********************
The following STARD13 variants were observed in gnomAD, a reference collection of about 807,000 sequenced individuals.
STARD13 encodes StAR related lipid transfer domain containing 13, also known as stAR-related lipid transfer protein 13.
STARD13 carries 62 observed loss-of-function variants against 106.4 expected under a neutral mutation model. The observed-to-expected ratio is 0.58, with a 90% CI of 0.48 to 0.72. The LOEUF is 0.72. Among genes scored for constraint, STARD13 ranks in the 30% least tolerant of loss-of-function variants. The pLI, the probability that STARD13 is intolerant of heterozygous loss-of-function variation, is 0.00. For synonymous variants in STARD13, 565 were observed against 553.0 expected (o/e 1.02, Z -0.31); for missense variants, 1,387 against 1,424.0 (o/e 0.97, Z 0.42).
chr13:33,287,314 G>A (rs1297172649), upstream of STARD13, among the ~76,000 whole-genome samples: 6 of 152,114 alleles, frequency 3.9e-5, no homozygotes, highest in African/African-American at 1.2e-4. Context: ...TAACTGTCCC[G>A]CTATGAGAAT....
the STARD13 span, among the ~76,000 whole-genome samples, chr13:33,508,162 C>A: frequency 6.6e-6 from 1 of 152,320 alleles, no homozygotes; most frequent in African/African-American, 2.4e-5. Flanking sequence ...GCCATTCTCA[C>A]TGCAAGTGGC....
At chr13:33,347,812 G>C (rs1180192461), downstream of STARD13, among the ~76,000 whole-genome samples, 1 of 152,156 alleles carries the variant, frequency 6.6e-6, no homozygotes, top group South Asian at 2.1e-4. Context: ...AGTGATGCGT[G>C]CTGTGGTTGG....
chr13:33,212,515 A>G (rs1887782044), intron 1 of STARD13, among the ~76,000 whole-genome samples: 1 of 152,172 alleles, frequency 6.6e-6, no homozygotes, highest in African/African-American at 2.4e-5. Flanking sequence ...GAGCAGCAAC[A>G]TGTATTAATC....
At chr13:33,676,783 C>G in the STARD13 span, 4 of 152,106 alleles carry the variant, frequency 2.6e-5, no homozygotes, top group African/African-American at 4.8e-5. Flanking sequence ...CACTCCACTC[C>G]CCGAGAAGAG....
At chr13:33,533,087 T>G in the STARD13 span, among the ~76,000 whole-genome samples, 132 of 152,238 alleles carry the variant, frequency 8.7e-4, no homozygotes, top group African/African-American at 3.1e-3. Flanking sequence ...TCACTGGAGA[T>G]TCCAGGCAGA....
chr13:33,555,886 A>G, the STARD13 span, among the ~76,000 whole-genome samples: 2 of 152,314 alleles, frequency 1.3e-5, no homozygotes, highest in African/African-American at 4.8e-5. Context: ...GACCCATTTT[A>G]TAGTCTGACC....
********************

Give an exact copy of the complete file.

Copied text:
The following STARD13 variants were observed in gnomAD, a reference collection of about 807,000 sequenced individuals.
STARD13 encodes StAR related lipid transfer domain containing 13, also known as stAR-related lipid transfer protein 13.
STARD13 carries 62 observed loss-of-function variants against 106.4 expected under a neutral mutation model. The observed-to-expected ratio is 0.58, with a 90% CI of 0.48 to 0.72. The LOEUF is 0.72. Among genes scored for constraint, STARD13 ranks in the 30% least tolerant of loss-of-function variants. The pLI, the probability that STARD13 is intolerant of heterozygous loss-of-function variation, is 0.00. For synonymous variants in STARD13, 565 were observed against 553.0 expected (o/e 1.02, Z -0.31); for missense variants, 1,387 against 1,424.0 (o/e 0.97, Z 0.42).
chr13:33,287,314 G>A (rs1297172649), upstream of STARD13, among the ~76,000 whole-genome samples: 6 of 152,114 alleles, frequency 3.9e-5, no homozygotes, highest in African/African-American at 1.2e-4. Context: ...TAACTGTCCC[G>A]CTATGAGAAT....
the STARD13 span, among the ~76,000 whole-genome samples, chr13:33,508,162 C>A: frequency 6.6e-6 from 1 of 152,320 alleles, no homozygotes; most frequent in African/African-American, 2.4e-5. Flanking sequence ...GCCATTCTCA[C>A]TGCAAGTGGC....
At chr13:33,347,812 G>C (rs1180192461), downstream of STARD13, among the ~76,000 whole-genome samples, 1 of 152,156 alleles carries the variant, frequency 6.6e-6, no homozygotes, top group South Asian at 2.1e-4. Context: ...AGTGATGCGT[G>C]CTGTGGTTGG....
chr13:33,212,515 A>G (rs1887782044), intron 1 of STARD13, among the ~76,000 whole-genome samples: 1 of 152,172 alleles, frequency 6.6e-6, no homozygotes, highest in African/African-American at 2.4e-5. Flanking sequence ...GAGCAGCAAC[A>G]TGTATTAATC....
At chr13:33,676,783 C>G in the STARD13 span, 4 of 152,106 alleles carry the variant, frequency 2.6e-5, no homozygotes, top group African/African-American at 4.8e-5. Flanking sequence ...CACTCCACTC[C>G]CCGAGAAGAG....
At chr13:33,533,087 T>G in the STARD13 span, among the ~76,000 whole-genome samples, 132 of 152,238 alleles carry the variant, frequency 8.7e-4, no homozygotes, top group African/African-American at 3.1e-3. Flanking sequence ...TCACTGGAGA[T>G]TCCAGGCAGA....
chr13:33,555,886 A>G, the STARD13 span, among the ~76,000 whole-genome samples: 2 of 152,314 alleles, frequency 1.3e-5, no homozygotes, highest in African/African-American at 4.8e-5. Context: ...GACCCATTTT[A>G]TAGTCTGACC....